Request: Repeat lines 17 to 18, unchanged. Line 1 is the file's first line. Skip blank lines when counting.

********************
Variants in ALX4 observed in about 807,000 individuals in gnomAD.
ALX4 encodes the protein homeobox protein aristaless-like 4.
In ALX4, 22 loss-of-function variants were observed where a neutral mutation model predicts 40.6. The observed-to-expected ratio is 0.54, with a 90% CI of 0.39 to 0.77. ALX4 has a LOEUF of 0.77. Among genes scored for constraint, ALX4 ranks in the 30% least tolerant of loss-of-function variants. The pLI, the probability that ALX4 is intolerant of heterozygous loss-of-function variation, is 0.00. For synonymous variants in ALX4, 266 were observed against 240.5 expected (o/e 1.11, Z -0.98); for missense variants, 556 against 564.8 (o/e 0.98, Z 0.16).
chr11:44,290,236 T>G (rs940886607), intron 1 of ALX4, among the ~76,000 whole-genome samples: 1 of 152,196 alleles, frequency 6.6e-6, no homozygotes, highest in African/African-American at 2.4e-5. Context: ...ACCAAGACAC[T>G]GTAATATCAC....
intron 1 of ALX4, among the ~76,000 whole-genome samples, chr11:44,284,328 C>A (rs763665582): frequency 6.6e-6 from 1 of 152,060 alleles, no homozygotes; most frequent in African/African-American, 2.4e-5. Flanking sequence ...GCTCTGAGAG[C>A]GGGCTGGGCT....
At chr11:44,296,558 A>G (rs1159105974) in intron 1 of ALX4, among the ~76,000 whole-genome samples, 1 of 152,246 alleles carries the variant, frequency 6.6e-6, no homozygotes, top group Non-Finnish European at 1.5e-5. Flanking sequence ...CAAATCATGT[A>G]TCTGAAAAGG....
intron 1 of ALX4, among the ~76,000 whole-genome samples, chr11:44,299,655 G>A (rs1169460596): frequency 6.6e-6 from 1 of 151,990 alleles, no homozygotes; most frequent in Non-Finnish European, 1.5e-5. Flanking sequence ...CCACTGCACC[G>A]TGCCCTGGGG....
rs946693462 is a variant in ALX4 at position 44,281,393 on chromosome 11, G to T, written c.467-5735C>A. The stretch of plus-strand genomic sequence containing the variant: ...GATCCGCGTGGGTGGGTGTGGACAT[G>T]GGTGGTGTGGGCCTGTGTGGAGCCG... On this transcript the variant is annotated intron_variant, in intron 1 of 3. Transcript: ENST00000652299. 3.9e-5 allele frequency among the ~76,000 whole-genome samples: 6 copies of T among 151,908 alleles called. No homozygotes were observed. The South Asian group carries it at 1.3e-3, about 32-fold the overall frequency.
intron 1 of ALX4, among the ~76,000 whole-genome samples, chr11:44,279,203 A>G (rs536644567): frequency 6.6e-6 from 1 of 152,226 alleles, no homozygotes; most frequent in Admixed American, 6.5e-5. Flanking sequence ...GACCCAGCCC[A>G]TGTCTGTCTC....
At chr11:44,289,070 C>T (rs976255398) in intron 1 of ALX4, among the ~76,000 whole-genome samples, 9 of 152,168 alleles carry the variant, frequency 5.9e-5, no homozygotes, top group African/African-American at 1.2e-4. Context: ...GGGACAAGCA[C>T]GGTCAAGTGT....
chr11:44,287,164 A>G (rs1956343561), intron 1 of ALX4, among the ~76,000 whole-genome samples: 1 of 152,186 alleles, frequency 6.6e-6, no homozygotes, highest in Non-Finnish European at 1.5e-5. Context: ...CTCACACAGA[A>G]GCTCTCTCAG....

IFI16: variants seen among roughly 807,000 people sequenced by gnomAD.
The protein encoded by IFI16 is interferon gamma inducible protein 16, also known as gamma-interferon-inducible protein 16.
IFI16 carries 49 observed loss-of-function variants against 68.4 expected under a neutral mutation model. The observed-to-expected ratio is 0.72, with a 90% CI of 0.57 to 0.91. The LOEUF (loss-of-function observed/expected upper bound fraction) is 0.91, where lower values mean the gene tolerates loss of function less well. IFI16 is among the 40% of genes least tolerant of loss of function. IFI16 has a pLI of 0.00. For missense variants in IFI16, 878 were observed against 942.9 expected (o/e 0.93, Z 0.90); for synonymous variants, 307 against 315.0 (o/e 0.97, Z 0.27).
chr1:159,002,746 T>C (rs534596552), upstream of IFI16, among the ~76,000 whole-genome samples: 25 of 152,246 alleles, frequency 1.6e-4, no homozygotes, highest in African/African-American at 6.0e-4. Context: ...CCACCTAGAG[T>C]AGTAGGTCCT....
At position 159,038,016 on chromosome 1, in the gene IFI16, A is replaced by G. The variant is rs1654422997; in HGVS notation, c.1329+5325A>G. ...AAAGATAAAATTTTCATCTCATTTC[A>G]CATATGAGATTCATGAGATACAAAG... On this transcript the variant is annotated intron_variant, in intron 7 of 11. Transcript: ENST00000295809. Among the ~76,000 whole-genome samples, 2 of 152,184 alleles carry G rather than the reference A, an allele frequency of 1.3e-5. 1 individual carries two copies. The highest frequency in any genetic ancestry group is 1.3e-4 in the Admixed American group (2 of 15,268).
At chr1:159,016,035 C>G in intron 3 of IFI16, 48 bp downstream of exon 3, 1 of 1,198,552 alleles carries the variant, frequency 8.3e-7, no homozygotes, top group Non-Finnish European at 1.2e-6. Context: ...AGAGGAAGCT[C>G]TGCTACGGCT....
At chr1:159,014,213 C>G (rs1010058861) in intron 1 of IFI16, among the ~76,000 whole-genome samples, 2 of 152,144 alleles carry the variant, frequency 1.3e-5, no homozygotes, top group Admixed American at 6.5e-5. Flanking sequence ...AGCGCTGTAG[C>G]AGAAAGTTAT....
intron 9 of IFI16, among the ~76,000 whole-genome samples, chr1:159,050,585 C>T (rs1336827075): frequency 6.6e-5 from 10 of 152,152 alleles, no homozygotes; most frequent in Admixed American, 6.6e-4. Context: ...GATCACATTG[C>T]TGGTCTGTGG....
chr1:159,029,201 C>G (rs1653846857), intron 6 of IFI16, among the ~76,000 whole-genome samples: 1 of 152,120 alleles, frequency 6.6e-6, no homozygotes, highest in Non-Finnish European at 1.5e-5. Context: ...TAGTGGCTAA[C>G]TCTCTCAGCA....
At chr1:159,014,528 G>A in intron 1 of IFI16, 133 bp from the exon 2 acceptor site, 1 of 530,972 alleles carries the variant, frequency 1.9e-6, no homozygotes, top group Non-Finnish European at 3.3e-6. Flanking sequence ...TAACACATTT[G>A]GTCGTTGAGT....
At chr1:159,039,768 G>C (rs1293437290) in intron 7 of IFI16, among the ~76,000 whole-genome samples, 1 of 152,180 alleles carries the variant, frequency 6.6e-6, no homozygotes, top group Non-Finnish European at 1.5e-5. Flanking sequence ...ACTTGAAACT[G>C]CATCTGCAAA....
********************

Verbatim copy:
At chr1:159,016,035 C>G in intron 3 of IFI16, 48 bp downstream of exon 3, 1 of 1,198,552 alleles carries the variant, frequency 8.3e-7, no homozygotes, top group Non-Finnish European at 1.2e-6. Context: ...AGAGGAAGCT[C>G]TGCTACGGCT....
At chr1:159,014,213 C>G (rs1010058861) in intron 1 of IFI16, among the ~76,000 whole-genome samples, 2 of 152,144 alleles carry the variant, frequency 1.3e-5, no homozygotes, top group Admixed American at 6.5e-5. Flanking sequence ...AGCGCTGTAG[C>G]AGAAAGTTAT....